Yes, times have changed and technology can be one of the places where the changes can be easily noted.  Sex sells in western culture, hence, scantily clad people to include tweens and teens can readily be seen in a review of social media sites such as Facebook or Instagram.  People can peruse the photographs either publicly or privately and the photos may potentially end up in strange places.

While many teens will at least dip their toes and experiment to some extent sexually, the lines in society particularly in western culture media, have expanded since my days of cool, conservative shorts.  The lines in the media, often seem to encourage sexual behavior for teens with little or no consequences.  In 2004, a team of researchers led by Rebecca Collins, Ph.D., also found “watching television with sexual content apparently hastens teen sexual activity.”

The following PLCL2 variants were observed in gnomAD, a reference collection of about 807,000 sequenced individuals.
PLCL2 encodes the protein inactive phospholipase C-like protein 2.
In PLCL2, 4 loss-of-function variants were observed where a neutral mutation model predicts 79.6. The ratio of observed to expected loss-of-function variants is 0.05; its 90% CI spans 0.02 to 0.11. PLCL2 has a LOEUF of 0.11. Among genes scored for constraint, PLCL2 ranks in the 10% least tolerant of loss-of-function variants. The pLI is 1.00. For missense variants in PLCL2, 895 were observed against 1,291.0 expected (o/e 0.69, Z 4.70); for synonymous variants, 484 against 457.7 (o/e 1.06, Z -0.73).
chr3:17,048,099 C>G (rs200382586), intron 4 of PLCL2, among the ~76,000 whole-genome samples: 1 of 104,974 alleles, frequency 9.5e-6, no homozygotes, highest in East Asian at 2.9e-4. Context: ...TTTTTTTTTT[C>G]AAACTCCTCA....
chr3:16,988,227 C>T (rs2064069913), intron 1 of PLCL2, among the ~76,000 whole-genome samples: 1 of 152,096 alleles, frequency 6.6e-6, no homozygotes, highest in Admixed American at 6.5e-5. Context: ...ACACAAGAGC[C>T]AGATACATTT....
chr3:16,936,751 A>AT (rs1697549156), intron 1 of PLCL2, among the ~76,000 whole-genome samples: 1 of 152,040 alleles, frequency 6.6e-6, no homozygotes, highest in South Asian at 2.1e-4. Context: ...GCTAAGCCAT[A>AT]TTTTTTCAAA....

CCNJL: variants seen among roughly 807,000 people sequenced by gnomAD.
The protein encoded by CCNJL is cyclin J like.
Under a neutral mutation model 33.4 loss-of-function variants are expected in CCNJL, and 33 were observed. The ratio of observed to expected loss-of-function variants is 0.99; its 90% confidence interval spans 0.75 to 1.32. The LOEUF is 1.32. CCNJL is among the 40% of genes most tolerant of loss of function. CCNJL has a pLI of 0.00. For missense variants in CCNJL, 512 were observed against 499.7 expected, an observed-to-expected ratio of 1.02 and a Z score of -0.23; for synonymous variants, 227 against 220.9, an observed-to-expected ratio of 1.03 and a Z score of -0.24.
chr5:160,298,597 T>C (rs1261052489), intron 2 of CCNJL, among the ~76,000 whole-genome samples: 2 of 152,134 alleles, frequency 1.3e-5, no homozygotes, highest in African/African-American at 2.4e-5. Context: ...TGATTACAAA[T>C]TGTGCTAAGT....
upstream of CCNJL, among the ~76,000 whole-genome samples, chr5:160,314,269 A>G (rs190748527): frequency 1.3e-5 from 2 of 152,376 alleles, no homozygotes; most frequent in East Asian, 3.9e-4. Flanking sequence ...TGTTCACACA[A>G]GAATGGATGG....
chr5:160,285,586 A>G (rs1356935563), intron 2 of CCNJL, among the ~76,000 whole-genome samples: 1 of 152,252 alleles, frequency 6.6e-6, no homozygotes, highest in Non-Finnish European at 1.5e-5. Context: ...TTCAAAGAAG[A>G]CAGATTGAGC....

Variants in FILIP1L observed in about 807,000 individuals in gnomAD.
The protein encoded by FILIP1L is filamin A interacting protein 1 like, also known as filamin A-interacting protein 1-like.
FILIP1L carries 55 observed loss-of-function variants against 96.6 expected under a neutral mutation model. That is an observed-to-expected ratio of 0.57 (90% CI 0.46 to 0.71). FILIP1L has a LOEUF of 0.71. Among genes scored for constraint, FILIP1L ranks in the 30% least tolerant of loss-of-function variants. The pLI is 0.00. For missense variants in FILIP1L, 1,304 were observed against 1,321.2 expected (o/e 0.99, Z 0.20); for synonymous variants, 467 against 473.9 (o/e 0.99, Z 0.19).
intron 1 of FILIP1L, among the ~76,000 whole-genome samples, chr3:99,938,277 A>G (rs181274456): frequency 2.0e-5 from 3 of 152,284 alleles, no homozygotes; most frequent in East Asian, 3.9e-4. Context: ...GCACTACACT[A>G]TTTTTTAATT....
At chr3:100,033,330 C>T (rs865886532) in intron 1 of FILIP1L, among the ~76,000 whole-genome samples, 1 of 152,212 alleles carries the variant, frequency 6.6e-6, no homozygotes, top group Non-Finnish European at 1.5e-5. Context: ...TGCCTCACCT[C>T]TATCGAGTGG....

In their book, The Porning of America, College Professors, Carmine Sarracino and  Kevin Scott, discuss how porn has worked its way into mainstream American culture.  Sarracino and Scott noted that at the turn of the 21st Century, pornography had become “mature and powerful.”  At that time, these researchers estimated the pornography business at about a 10 to 14 billion dollars.  While the statistics seem to vary, in 2017, reports consistently state the pornography industry still stands in the billions. 

Now with technology at the tip of our fingers, sexual talk and images to include pornography can be within one’s hands at the click of a button.  In about 2011, sexting or the sending of provocative pictures became the new rage among young people.  Teens have even taken clandestine sexual videos via webcam of other teens and posted them online.  In the case of 18-year-old, Tyler Clementi, the public humiliation he felt in such an instance led to his 2010 suicide.